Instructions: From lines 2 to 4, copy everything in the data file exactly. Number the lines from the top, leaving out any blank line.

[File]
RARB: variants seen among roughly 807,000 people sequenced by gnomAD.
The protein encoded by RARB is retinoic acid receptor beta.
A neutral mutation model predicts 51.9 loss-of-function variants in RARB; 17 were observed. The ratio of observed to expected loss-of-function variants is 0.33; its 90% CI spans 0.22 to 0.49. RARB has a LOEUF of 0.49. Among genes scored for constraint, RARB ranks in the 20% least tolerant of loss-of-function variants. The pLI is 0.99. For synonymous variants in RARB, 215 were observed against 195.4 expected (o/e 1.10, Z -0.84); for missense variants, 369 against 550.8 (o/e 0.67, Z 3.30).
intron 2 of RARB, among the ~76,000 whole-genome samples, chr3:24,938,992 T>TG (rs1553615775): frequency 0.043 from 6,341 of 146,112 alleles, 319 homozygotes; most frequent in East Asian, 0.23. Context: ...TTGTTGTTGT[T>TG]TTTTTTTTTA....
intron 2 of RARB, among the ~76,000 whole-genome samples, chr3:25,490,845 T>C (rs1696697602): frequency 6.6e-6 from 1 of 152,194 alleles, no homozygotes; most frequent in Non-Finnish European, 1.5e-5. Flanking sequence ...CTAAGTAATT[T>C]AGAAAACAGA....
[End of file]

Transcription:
The protein encoded by RARB is retinoic acid receptor beta.
A neutral mutation model predicts 51.9 loss-of-function variants in RARB; 17 were observed. The ratio of observed to expected loss-of-function variants is 0.33; its 90% CI spans 0.22 to 0.49. RARB has a LOEUF of 0.49. Among genes scored for constraint, RARB ranks in the 20% least tolerant of loss-of-function variants. The pLI is 0.99. For synonymous variants in RARB, 215 were observed against 195.4 expected (o/e 1.10, Z -0.84); for missense variants, 369 against 550.8 (o/e 0.67, Z 3.30).
intron 2 of RARB, among the ~76,000 whole-genome samples, chr3:24,938,992 T>TG (rs1553615775): frequency 0.043 from 6,341 of 146,112 alleles, 319 homozygotes; most frequent in East Asian, 0.23. Context: ...TTGTTGTTGT[T>TG]TTTTTTTTTA....